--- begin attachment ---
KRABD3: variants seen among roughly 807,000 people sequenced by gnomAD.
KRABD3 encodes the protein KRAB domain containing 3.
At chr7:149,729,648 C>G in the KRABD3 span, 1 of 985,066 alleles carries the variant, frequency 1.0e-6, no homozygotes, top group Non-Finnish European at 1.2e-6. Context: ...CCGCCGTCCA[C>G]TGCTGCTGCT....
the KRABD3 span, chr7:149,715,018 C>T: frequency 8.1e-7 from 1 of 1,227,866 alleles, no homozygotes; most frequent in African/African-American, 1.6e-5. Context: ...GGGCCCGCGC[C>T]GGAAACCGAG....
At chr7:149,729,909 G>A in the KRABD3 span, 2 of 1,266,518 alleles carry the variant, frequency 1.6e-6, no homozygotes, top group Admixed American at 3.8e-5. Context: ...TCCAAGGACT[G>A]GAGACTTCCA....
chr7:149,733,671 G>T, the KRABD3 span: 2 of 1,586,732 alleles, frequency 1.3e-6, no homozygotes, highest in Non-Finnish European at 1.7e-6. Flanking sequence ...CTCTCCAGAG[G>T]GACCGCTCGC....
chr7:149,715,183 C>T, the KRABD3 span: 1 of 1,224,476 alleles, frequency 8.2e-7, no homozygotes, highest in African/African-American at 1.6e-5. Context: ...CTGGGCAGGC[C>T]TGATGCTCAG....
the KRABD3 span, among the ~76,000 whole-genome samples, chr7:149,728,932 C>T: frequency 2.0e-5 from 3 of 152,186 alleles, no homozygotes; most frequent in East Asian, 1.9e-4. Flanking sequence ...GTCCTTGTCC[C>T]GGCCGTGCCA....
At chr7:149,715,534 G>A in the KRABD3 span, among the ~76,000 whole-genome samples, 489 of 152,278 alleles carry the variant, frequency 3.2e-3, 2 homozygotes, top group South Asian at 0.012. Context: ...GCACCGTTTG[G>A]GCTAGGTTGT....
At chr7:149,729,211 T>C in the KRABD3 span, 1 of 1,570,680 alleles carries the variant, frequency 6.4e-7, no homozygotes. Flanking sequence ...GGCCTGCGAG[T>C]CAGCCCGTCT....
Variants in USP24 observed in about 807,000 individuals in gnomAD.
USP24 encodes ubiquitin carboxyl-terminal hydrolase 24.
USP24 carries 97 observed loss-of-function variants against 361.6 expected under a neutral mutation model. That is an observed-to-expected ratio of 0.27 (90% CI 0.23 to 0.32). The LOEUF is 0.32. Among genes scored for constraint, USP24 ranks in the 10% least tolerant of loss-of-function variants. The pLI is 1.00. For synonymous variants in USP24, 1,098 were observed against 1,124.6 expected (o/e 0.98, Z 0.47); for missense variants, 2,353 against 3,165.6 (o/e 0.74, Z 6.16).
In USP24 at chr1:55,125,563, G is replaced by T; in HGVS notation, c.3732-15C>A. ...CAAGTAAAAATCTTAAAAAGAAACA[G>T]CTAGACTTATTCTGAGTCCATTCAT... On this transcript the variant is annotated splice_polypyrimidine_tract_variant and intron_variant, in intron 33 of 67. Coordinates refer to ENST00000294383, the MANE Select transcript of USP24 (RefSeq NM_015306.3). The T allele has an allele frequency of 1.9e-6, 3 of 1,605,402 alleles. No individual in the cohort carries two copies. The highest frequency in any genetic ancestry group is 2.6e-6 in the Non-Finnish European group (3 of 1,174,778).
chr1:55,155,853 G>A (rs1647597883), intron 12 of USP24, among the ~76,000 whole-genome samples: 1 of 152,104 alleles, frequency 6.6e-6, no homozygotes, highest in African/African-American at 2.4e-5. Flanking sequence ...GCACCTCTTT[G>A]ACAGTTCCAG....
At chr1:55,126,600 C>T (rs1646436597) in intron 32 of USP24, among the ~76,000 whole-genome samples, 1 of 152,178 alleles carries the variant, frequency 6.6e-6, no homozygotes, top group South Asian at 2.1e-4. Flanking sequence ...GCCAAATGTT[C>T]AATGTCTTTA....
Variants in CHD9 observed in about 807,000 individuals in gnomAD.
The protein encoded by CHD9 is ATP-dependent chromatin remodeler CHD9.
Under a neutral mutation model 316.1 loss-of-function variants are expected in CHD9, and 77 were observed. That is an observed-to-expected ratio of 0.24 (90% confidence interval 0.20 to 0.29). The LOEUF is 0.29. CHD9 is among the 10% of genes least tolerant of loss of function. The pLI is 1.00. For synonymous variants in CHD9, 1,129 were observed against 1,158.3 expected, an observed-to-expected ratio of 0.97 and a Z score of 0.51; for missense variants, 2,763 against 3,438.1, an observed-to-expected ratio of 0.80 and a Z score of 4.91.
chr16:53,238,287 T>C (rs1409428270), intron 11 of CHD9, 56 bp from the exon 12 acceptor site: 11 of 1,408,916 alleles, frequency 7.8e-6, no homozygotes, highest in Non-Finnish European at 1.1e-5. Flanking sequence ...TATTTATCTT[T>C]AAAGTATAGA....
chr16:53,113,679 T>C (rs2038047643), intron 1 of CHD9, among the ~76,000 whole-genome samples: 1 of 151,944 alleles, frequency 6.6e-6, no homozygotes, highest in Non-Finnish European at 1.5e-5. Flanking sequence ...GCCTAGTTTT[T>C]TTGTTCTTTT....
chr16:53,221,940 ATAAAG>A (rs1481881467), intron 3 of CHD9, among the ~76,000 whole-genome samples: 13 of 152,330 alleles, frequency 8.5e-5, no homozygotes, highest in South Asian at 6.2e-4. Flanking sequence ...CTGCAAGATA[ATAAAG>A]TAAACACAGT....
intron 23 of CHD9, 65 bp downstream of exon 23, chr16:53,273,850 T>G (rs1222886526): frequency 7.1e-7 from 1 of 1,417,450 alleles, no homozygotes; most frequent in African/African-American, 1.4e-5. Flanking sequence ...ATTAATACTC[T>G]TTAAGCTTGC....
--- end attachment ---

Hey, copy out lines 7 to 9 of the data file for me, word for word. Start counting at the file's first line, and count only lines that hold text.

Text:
chr7:149,715,183 C>T, the KRABD3 span: 1 of 1,224,476 alleles, frequency 8.2e-7, no homozygotes, highest in African/African-American at 1.6e-5. Context: ...CTGGGCAGGC[C>T]TGATGCTCAG....
the KRABD3 span, among the ~76,000 whole-genome samples, chr7:149,728,932 C>T: frequency 2.0e-5 from 3 of 152,186 alleles, no homozygotes; most frequent in East Asian, 1.9e-4. Flanking sequence ...GTCCTTGTCC[C>T]GGCCGTGCCA....
At chr7:149,715,534 G>A in the KRABD3 span, among the ~76,000 whole-genome samples, 489 of 152,278 alleles carry the variant, frequency 3.2e-3, 2 homozygotes, top group South Asian at 0.012. Context: ...GCACCGTTTG[G>A]GCTAGGTTGT....